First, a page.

Richard Quest is a veteran of the business travel trade. He has stayed in five-star suites, houseboats and motor lodges, and in the flats of complete strangers. He spoke to Lounge about grading airline food, the trippy side effects of long flights and where €1,000-a-night is money well spent. Edited excerpts:
What’s the most bizarre journey that you’ve taken?
Around the world in economy. I’m not kidding: These long-distance flights across the world, where you cross multiple time zones in a very short time period, really mess with your head. I had a bizarre one last week, actually. I went to New York for a day. There you are, you’re working on the aircraft, filming, and I land in New York and spot a friend waiting for me at the airport. Then my mind starts playing tricks on me. “Am I in New York? Is that Katie? There’s a yellow cab there, so this is definitely New York. Why am I in New York?” So when I get back on a plane and fly back to London, I’m like “Was I just in New York? Was that Katie? What was I doing in New York?”
Request granted: Richard Quest (centre) adds ‘concierge trolley’ to the list of vehicles he has travelled in. Madhu Kapparath / Mint
Which is the worst place to do business and why?
There is absolutely no way I’m answering that!
Let’s rephrase it then. What’s the most challenging place to do business?
Well, okay, I think it all depends on the kind of business you’re trying to do. Obviously, there are parts of Africa that pose unique challenges— infrastructure doesn’t work, “unauthorized” payments may be required. But then there are also places like Japan, where your mobile phone won’t work, and people hardly speak your language, even in places like Tokyo. Then you go to Los Angeles, and they’re speaking this strange language, but it’s the same language! You have no idea what they’re talking about. It doesn’t necessarily have to be a developing nation where things can go wrong. Your Wi-Fi may not connect, BlackBerrys may break down. Getting money out, now there’s another huge challenge. I was in…where was I, in Venice, yes…and I’m walking up to this bank machine, and I realize it’s the only one around. If this one isn’t going to give me money, I’m in the s***.
Thank the gods it did.
The tackiest hotel you’ve stayed in.
You’re determined to put me in trouble, aren’t you?
Also Read Judgement Quest (click here)
All right, the most “challenging” hotel you’ve stayed in.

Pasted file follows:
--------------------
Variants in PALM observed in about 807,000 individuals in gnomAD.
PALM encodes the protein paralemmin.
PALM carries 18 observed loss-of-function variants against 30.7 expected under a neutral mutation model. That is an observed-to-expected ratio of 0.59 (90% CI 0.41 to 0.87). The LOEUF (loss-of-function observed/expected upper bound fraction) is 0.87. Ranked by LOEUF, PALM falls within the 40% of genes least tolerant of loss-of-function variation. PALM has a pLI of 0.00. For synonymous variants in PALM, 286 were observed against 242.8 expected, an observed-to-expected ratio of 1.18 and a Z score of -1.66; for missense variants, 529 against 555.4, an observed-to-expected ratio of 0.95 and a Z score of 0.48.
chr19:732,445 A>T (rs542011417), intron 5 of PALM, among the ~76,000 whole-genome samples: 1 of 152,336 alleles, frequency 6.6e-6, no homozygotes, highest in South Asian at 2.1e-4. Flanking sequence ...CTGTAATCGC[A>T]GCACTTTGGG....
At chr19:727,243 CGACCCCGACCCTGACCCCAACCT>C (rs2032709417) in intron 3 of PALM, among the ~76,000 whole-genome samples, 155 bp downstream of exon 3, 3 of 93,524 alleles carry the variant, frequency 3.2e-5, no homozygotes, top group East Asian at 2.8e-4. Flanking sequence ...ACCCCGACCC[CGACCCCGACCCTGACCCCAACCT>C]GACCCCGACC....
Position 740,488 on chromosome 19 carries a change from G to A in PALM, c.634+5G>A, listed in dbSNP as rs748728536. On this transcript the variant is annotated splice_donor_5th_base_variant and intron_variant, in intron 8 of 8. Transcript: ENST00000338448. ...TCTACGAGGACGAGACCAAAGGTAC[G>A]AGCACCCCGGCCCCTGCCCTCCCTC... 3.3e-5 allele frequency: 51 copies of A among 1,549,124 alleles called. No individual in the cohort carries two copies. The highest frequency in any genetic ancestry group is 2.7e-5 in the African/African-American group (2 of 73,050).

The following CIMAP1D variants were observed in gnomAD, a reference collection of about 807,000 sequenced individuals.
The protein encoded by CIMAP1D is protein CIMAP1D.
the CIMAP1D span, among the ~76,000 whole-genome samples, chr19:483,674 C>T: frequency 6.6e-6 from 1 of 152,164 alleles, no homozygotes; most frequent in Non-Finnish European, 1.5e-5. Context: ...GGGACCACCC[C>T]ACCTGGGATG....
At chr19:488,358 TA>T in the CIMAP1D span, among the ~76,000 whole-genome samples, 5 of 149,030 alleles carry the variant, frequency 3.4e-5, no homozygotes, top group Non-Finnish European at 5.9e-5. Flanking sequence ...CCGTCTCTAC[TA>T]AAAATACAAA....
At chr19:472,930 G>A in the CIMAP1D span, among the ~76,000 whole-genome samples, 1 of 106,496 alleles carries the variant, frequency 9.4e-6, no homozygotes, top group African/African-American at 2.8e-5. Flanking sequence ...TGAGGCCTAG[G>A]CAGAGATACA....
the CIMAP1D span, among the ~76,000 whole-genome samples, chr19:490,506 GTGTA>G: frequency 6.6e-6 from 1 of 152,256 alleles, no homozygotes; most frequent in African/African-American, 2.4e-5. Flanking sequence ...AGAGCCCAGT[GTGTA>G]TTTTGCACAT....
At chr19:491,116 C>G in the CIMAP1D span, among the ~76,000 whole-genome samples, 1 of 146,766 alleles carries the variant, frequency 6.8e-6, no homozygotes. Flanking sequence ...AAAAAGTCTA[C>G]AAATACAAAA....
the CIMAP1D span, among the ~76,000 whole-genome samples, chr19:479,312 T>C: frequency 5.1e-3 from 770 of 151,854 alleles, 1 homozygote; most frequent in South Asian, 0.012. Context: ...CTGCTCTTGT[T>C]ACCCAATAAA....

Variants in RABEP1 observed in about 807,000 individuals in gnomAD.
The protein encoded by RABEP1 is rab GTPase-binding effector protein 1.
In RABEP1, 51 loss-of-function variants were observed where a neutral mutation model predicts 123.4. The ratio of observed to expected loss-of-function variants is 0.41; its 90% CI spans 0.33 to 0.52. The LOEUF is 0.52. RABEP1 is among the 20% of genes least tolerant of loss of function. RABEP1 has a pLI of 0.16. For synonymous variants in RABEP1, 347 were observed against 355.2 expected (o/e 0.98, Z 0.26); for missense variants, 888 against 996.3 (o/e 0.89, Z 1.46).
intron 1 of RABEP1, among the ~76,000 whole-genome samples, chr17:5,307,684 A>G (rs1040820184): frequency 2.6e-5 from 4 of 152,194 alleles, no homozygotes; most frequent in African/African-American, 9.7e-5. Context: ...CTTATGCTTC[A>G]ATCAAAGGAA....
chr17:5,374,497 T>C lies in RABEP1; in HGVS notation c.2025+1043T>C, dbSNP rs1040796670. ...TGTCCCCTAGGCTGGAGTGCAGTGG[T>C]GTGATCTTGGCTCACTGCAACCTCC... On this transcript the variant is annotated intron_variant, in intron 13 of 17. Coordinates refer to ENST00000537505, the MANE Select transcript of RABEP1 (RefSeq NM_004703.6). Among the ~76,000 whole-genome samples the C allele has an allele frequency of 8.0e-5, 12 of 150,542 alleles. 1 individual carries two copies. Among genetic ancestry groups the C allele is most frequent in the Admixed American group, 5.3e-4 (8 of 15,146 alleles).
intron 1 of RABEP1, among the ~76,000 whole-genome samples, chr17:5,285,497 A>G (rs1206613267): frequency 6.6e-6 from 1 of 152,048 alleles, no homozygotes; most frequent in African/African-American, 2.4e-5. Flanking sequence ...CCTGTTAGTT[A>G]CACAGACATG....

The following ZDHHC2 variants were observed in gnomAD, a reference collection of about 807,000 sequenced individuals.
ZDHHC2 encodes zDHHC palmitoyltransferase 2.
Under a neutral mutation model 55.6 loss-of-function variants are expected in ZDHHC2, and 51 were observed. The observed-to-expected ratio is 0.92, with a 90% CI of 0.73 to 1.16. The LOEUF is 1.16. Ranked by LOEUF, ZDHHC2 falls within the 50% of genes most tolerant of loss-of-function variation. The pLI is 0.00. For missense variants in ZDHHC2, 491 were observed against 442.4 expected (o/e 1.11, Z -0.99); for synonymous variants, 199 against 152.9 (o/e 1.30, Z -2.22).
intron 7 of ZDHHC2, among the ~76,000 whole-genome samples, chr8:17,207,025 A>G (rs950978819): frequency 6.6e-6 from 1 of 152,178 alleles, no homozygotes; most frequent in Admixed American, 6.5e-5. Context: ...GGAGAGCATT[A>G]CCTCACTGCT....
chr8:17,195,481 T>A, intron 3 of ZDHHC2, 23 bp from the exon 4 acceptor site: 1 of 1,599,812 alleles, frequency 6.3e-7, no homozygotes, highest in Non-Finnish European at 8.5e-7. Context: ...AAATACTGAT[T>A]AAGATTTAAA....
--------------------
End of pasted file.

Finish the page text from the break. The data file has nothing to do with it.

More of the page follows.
Let me remember…it wasn’t a hotel at all, and it was in Switzerland…or was it Germany? Wherever it was…we were there for this event, and the place is so big, and there are so many people there, that the hotels can’t cope. So they put people into flats, and there we were, in somebody else’s flat…and it was disgusting. It was…dirty, and the towels looked like they had been used to clean the toilets. This other time, and it was the same event (God, I hate doing that event), they put us on a houseboat, where the sewage backed up against our abode.
What’s the mark of a good business hotel? Which ones do you love?
I think a good business hotel recognizes why you’re there—you’re not there for your health but for your wealth. But no hotel ever gets it right. In Japan, for example, you need a degree in electronics to open the curtains and figure out how the light switches work.
All right. My favourite hotel? It’s a lovely little hotel in Los Angeles called the Le Parc. Why? Because when I arrive, they know who I am. They’ve got the suite ready (all the rooms are suites). I go down to breakfast in the morning, and they know I want the Le Parc breakfast with a café latte. Faxes and couriers, no problem.
Other hotels that will do the same—The InterContinental in Singapore (I love that hotel) and The Intercon (InterContinental) in Hong Kong (a wonderful hotel. Huge windows, and a great view of the harbour).
But Paris. Aaah, the George Cinq. I went there once, and I could have moved in…except it was €1,000 (around Rs69,000) a night. My belt broke while I was there, and I put it aside. When I came back a few hours later, they’d repaired it! Yeah, wow. Even at €1,000 a night…please if there’s a God up there listening, please let me stay there.
Krish Raghav contributed to this story.